High Court won’t hear case alleging discriminatory Medicare claims denial scheme

The U.S. Supreme Court declined to hear a case alleging that HHS participated in a racially discriminatory scheme of Medicare claims denials. The Fifth Circuit dismissed Edwards v. Burwell for lack of subject matter jurisdiction and failure to state a claim due to untimely filing, failure to specify improperly denied claims, and sovereign immunity. The High Court denied certiorari without comment.

A Texas physician was subject to a Medicare review process between 1997 and 2001 that resulted in denial of most of his claims. Most of those denials were successfully overturned on appeal, but the physician claimed that he was forced to close his practice in 2001 as a result of the initial denials. He filed a lawsuit against HHS, the HHS Secretary, and other unknown agents in 2014, alleging that his claims were initially denied as a result of racial profiling.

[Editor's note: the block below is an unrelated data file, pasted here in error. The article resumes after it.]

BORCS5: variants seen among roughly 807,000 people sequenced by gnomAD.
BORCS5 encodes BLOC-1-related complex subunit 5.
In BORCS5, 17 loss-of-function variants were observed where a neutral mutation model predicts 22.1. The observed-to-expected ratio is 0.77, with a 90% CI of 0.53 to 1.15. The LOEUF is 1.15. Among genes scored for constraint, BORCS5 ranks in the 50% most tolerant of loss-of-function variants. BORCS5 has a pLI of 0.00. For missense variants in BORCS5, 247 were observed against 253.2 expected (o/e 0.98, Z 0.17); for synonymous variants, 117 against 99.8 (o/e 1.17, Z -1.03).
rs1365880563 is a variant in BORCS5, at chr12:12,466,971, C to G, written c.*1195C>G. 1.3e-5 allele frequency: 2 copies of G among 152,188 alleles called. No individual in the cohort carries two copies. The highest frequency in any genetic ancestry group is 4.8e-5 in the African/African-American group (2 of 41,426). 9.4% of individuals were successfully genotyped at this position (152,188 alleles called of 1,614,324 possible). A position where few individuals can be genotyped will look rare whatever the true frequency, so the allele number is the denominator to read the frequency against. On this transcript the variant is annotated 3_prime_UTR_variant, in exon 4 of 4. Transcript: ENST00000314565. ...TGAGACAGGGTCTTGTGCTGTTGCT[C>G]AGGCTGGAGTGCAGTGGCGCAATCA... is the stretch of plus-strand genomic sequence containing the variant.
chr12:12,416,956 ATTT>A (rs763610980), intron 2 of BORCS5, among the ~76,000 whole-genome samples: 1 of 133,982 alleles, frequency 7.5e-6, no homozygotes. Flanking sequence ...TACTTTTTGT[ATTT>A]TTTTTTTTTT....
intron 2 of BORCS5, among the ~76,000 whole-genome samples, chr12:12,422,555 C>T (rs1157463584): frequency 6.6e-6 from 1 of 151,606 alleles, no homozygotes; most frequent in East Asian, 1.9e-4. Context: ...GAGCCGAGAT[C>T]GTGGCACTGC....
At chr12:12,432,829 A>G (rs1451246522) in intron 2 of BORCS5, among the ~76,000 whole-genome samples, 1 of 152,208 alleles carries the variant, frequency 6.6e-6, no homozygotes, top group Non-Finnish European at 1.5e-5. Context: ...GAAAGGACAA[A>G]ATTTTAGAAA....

In affirming the district court’s dismissal of the doctor’s claims, the Fifth Circuit stated that the claims were filed outside of the 60-day window for judicial review required by 42 U.S.C. § 405(g) and were barred under § 405(h), which holds that a suit against the government or its officers or employees cannot be brought for Medicare actions. Furthermore, the physician failed to specify those claims that were not reversed on appeal (see No jurisdiction for discrimination suit based on reversed claim denials, Health Law Daily, August 3, 2016). He then filed his ultimately-denied petition for certiorari.